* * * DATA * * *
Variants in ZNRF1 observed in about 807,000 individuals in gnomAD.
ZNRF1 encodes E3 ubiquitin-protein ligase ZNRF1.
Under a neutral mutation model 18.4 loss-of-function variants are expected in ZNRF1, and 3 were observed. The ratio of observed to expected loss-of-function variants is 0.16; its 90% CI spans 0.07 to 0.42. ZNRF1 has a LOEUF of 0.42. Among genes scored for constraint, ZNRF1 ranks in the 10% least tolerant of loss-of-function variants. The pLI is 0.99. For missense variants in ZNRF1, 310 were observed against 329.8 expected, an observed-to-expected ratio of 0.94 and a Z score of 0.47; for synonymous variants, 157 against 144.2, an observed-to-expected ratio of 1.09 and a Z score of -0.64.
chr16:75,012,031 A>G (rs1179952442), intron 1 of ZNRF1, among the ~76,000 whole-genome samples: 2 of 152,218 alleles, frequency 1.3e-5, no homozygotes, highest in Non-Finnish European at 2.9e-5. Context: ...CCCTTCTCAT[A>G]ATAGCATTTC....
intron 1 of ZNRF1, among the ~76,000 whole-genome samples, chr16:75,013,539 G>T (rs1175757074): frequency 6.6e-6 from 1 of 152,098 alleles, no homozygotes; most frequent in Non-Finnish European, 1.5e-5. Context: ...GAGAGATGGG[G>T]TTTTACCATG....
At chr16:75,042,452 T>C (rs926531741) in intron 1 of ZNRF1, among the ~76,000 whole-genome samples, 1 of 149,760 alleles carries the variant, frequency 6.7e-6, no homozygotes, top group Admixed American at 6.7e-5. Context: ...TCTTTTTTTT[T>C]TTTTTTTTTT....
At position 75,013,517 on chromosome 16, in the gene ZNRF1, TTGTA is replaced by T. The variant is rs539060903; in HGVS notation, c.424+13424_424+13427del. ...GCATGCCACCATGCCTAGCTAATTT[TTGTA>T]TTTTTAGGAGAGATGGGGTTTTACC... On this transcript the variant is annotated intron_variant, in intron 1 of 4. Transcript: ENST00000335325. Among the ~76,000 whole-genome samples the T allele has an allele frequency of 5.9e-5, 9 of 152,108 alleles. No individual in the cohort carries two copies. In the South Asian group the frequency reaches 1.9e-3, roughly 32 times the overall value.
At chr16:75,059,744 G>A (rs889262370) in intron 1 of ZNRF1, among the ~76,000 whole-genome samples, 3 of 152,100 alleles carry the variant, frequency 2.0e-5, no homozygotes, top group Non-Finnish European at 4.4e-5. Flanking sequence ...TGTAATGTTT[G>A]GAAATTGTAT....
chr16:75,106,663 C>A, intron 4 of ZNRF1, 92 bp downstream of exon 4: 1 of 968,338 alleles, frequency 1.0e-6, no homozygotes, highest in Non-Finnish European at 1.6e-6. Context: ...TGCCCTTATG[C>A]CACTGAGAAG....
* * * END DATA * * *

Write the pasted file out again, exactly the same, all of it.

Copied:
Variants in ZNRF1 observed in about 807,000 individuals in gnomAD.
ZNRF1 encodes E3 ubiquitin-protein ligase ZNRF1.
Under a neutral mutation model 18.4 loss-of-function variants are expected in ZNRF1, and 3 were observed. The ratio of observed to expected loss-of-function variants is 0.16; its 90% CI spans 0.07 to 0.42. ZNRF1 has a LOEUF of 0.42. Among genes scored for constraint, ZNRF1 ranks in the 10% least tolerant of loss-of-function variants. The pLI is 0.99. For missense variants in ZNRF1, 310 were observed against 329.8 expected, an observed-to-expected ratio of 0.94 and a Z score of 0.47; for synonymous variants, 157 against 144.2, an observed-to-expected ratio of 1.09 and a Z score of -0.64.
chr16:75,012,031 A>G (rs1179952442), intron 1 of ZNRF1, among the ~76,000 whole-genome samples: 2 of 152,218 alleles, frequency 1.3e-5, no homozygotes, highest in Non-Finnish European at 2.9e-5. Context: ...CCCTTCTCAT[A>G]ATAGCATTTC....
intron 1 of ZNRF1, among the ~76,000 whole-genome samples, chr16:75,013,539 G>T (rs1175757074): frequency 6.6e-6 from 1 of 152,098 alleles, no homozygotes; most frequent in Non-Finnish European, 1.5e-5. Context: ...GAGAGATGGG[G>T]TTTTACCATG....
At chr16:75,042,452 T>C (rs926531741) in intron 1 of ZNRF1, among the ~76,000 whole-genome samples, 1 of 149,760 alleles carries the variant, frequency 6.7e-6, no homozygotes, top group Admixed American at 6.7e-5. Context: ...TCTTTTTTTT[T>C]TTTTTTTTTT....
At position 75,013,517 on chromosome 16, in the gene ZNRF1, TTGTA is replaced by T. The variant is rs539060903; in HGVS notation, c.424+13424_424+13427del. ...GCATGCCACCATGCCTAGCTAATTT[TTGTA>T]TTTTTAGGAGAGATGGGGTTTTACC... On this transcript the variant is annotated intron_variant, in intron 1 of 4. Transcript: ENST00000335325. Among the ~76,000 whole-genome samples the T allele has an allele frequency of 5.9e-5, 9 of 152,108 alleles. No individual in the cohort carries two copies. In the South Asian group the frequency reaches 1.9e-3, roughly 32 times the overall value.
At chr16:75,059,744 G>A (rs889262370) in intron 1 of ZNRF1, among the ~76,000 whole-genome samples, 3 of 152,100 alleles carry the variant, frequency 2.0e-5, no homozygotes, top group Non-Finnish European at 4.4e-5. Flanking sequence ...TGTAATGTTT[G>A]GAAATTGTAT....
chr16:75,106,663 C>A, intron 4 of ZNRF1, 92 bp downstream of exon 4: 1 of 968,338 alleles, frequency 1.0e-6, no homozygotes, highest in Non-Finnish European at 1.6e-6. Context: ...TGCCCTTATG[C>A]CACTGAGAAG....